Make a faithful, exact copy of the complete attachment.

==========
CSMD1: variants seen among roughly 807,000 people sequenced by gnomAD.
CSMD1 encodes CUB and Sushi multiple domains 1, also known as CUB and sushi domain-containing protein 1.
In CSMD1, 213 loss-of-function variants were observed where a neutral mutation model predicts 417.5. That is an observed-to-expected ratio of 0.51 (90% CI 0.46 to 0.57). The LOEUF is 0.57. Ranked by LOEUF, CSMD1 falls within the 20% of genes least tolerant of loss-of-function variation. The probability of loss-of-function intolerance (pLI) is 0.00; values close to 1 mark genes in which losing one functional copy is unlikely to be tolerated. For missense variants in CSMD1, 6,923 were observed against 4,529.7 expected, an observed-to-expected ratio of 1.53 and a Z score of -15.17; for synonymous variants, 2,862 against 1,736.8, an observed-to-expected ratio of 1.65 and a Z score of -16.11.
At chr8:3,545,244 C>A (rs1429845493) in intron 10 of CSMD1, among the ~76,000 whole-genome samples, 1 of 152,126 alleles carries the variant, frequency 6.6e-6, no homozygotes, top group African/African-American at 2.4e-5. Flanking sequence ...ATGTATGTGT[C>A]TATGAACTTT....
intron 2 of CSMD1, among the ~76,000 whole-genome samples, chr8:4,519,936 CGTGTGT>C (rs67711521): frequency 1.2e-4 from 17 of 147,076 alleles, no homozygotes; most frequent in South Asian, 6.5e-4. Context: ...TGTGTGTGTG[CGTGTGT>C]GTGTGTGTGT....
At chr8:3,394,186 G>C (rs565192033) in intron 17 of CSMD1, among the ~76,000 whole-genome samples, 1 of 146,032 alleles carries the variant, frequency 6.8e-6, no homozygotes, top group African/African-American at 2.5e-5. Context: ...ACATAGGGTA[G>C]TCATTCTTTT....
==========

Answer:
CSMD1: variants seen among roughly 807,000 people sequenced by gnomAD.
CSMD1 encodes CUB and Sushi multiple domains 1, also known as CUB and sushi domain-containing protein 1.
In CSMD1, 213 loss-of-function variants were observed where a neutral mutation model predicts 417.5. That is an observed-to-expected ratio of 0.51 (90% CI 0.46 to 0.57). The LOEUF is 0.57. Ranked by LOEUF, CSMD1 falls within the 20% of genes least tolerant of loss-of-function variation. The probability of loss-of-function intolerance (pLI) is 0.00; values close to 1 mark genes in which losing one functional copy is unlikely to be tolerated. For missense variants in CSMD1, 6,923 were observed against 4,529.7 expected, an observed-to-expected ratio of 1.53 and a Z score of -15.17; for synonymous variants, 2,862 against 1,736.8, an observed-to-expected ratio of 1.65 and a Z score of -16.11.
At chr8:3,545,244 C>A (rs1429845493) in intron 10 of CSMD1, among the ~76,000 whole-genome samples, 1 of 152,126 alleles carries the variant, frequency 6.6e-6, no homozygotes, top group African/African-American at 2.4e-5. Flanking sequence ...ATGTATGTGT[C>A]TATGAACTTT....
intron 2 of CSMD1, among the ~76,000 whole-genome samples, chr8:4,519,936 CGTGTGT>C (rs67711521): frequency 1.2e-4 from 17 of 147,076 alleles, no homozygotes; most frequent in South Asian, 6.5e-4. Context: ...TGTGTGTGTG[CGTGTGT>C]GTGTGTGTGT....
At chr8:3,394,186 G>C (rs565192033) in intron 17 of CSMD1, among the ~76,000 whole-genome samples, 1 of 146,032 alleles carries the variant, frequency 6.8e-6, no homozygotes, top group African/African-American at 2.5e-5. Context: ...ACATAGGGTA[G>C]TCATTCTTTT....